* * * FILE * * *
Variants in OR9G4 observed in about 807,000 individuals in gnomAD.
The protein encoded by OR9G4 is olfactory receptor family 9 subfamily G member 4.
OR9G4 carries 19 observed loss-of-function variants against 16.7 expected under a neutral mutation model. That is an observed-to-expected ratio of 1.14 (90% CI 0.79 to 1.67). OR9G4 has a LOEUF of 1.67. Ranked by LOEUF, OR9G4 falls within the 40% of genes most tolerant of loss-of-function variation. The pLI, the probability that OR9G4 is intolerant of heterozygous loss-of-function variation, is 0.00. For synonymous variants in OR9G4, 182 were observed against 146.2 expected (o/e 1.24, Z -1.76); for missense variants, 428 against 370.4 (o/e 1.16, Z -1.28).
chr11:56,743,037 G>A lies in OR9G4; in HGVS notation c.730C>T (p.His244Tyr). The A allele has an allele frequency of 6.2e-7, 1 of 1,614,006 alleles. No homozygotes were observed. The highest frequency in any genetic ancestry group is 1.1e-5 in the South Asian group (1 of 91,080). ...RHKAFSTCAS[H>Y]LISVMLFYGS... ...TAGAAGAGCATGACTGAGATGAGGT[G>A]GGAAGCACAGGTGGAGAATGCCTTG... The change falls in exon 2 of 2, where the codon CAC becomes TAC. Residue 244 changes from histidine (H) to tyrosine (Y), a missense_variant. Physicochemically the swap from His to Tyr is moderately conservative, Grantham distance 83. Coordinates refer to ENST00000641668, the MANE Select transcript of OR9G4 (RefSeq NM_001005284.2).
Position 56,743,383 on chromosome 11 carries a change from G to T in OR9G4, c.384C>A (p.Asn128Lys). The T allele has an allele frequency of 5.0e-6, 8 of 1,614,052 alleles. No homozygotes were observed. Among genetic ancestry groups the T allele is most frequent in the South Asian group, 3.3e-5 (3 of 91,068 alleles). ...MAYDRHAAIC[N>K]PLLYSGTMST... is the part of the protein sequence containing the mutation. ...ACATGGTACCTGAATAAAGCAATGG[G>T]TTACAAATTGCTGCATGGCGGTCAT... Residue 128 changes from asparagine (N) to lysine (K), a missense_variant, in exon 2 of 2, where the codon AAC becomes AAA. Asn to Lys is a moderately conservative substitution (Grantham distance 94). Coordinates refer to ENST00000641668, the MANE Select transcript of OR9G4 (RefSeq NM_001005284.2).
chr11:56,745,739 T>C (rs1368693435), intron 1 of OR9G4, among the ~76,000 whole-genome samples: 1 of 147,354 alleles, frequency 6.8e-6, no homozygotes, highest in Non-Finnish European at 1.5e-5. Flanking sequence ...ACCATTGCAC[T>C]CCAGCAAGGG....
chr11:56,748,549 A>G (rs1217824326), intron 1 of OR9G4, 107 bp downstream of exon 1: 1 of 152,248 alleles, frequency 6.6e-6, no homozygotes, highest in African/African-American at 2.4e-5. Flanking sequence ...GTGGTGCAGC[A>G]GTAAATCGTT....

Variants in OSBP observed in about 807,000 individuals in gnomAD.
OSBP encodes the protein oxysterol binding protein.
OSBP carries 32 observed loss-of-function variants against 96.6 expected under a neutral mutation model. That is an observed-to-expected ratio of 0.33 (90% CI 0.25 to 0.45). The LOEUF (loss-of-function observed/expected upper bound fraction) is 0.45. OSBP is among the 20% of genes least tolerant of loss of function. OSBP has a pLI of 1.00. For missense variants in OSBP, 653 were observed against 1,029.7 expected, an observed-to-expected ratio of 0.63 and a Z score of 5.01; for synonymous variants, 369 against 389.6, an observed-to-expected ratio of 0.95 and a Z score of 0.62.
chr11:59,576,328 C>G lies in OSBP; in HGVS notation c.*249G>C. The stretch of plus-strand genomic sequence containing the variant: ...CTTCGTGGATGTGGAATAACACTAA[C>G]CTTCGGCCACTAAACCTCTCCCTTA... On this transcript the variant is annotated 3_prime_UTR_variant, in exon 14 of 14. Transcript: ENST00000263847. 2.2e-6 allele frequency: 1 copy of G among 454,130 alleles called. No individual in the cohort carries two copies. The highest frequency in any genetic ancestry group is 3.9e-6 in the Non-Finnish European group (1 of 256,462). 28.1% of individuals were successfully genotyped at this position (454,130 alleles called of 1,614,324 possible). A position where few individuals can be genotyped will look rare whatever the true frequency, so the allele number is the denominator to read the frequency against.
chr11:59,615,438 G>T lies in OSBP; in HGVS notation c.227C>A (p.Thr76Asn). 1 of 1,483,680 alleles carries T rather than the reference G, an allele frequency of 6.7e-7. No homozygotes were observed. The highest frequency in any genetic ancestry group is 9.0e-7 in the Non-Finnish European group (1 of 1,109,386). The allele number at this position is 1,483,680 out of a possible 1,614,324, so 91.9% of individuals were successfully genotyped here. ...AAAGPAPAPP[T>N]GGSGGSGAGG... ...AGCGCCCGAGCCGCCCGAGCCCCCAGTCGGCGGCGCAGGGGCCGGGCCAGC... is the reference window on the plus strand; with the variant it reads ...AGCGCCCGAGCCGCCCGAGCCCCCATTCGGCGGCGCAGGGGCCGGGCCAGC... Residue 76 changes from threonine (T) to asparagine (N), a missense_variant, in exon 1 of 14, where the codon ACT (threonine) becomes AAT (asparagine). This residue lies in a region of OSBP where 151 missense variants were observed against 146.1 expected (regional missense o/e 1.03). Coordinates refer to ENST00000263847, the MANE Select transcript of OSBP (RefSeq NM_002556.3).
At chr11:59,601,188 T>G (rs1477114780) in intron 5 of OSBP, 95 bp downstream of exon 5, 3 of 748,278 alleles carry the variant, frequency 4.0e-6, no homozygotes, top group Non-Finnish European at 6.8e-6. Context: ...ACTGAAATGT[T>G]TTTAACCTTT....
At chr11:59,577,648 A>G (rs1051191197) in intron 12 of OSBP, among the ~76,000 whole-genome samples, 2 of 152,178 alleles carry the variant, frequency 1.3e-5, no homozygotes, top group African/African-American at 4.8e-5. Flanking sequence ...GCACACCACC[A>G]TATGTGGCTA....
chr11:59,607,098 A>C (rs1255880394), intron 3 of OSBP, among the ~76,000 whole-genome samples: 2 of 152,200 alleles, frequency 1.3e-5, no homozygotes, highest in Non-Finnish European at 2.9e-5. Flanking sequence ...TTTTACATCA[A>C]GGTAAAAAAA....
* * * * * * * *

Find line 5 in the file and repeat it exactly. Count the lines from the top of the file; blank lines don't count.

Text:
Position 56,743,383 on chromosome 11 carries a change from G to T in OR9G4, c.384C>A (p.Asn128Lys). The T allele has an allele frequency of 5.0e-6, 8 of 1,614,052 alleles. No homozygotes were observed. Among genetic ancestry groups the T allele is most frequent in the South Asian group, 3.3e-5 (3 of 91,068 alleles). ...MAYDRHAAIC[N>K]PLLYSGTMST... is the part of the protein sequence containing the mutation. ...ACATGGTACCTGAATAAAGCAATGG[G>T]TTACAAATTGCTGCATGGCGGTCAT... Residue 128 changes from asparagine (N) to lysine (K), a missense_variant, in exon 2 of 2, where the codon AAC becomes AAA. Asn to Lys is a moderately conservative substitution (Grantham distance 94). Coordinates refer to ENST00000641668, the MANE Select transcript of OR9G4 (RefSeq NM_001005284.2).